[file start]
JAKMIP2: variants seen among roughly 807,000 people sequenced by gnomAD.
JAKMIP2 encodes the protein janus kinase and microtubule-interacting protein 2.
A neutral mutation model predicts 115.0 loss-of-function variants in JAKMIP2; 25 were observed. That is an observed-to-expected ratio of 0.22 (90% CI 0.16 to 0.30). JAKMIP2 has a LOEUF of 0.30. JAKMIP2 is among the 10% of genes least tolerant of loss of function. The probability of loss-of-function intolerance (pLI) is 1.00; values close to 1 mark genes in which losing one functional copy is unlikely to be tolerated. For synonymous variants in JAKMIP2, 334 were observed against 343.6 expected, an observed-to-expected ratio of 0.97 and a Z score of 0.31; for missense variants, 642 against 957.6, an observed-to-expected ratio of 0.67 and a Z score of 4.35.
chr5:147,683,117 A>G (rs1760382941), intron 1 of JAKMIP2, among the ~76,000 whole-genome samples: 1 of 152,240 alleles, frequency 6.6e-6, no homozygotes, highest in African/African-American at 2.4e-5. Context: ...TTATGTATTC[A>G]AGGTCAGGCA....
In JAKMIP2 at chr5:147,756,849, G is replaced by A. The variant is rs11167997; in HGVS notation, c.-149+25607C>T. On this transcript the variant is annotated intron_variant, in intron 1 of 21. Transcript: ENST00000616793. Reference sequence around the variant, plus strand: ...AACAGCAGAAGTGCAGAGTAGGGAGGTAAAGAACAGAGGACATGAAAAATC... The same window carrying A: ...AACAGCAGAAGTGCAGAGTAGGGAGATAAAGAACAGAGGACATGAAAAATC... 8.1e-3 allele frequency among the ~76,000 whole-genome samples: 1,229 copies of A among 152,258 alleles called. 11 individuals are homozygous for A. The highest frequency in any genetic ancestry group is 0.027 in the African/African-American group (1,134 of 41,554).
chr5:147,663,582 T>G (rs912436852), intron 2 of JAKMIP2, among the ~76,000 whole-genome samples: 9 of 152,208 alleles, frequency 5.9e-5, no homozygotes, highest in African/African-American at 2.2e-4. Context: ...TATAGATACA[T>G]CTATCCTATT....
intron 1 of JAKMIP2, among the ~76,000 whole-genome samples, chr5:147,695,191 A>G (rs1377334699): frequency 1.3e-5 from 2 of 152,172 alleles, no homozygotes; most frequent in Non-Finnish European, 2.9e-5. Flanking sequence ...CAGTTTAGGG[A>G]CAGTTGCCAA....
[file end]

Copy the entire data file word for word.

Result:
JAKMIP2: variants seen among roughly 807,000 people sequenced by gnomAD.
JAKMIP2 encodes the protein janus kinase and microtubule-interacting protein 2.
A neutral mutation model predicts 115.0 loss-of-function variants in JAKMIP2; 25 were observed. That is an observed-to-expected ratio of 0.22 (90% CI 0.16 to 0.30). JAKMIP2 has a LOEUF of 0.30. JAKMIP2 is among the 10% of genes least tolerant of loss of function. The probability of loss-of-function intolerance (pLI) is 1.00; values close to 1 mark genes in which losing one functional copy is unlikely to be tolerated. For synonymous variants in JAKMIP2, 334 were observed against 343.6 expected, an observed-to-expected ratio of 0.97 and a Z score of 0.31; for missense variants, 642 against 957.6, an observed-to-expected ratio of 0.67 and a Z score of 4.35.
chr5:147,683,117 A>G (rs1760382941), intron 1 of JAKMIP2, among the ~76,000 whole-genome samples: 1 of 152,240 alleles, frequency 6.6e-6, no homozygotes, highest in African/African-American at 2.4e-5. Context: ...TTATGTATTC[A>G]AGGTCAGGCA....
In JAKMIP2 at chr5:147,756,849, G is replaced by A. The variant is rs11167997; in HGVS notation, c.-149+25607C>T. On this transcript the variant is annotated intron_variant, in intron 1 of 21. Transcript: ENST00000616793. Reference sequence around the variant, plus strand: ...AACAGCAGAAGTGCAGAGTAGGGAGGTAAAGAACAGAGGACATGAAAAATC... The same window carrying A: ...AACAGCAGAAGTGCAGAGTAGGGAGATAAAGAACAGAGGACATGAAAAATC... 8.1e-3 allele frequency among the ~76,000 whole-genome samples: 1,229 copies of A among 152,258 alleles called. 11 individuals are homozygous for A. The highest frequency in any genetic ancestry group is 0.027 in the African/African-American group (1,134 of 41,554).
chr5:147,663,582 T>G (rs912436852), intron 2 of JAKMIP2, among the ~76,000 whole-genome samples: 9 of 152,208 alleles, frequency 5.9e-5, no homozygotes, highest in African/African-American at 2.2e-4. Context: ...TATAGATACA[T>G]CTATCCTATT....
intron 1 of JAKMIP2, among the ~76,000 whole-genome samples, chr5:147,695,191 A>G (rs1377334699): frequency 1.3e-5 from 2 of 152,172 alleles, no homozygotes; most frequent in Non-Finnish European, 2.9e-5. Flanking sequence ...CAGTTTAGGG[A>G]CAGTTGCCAA....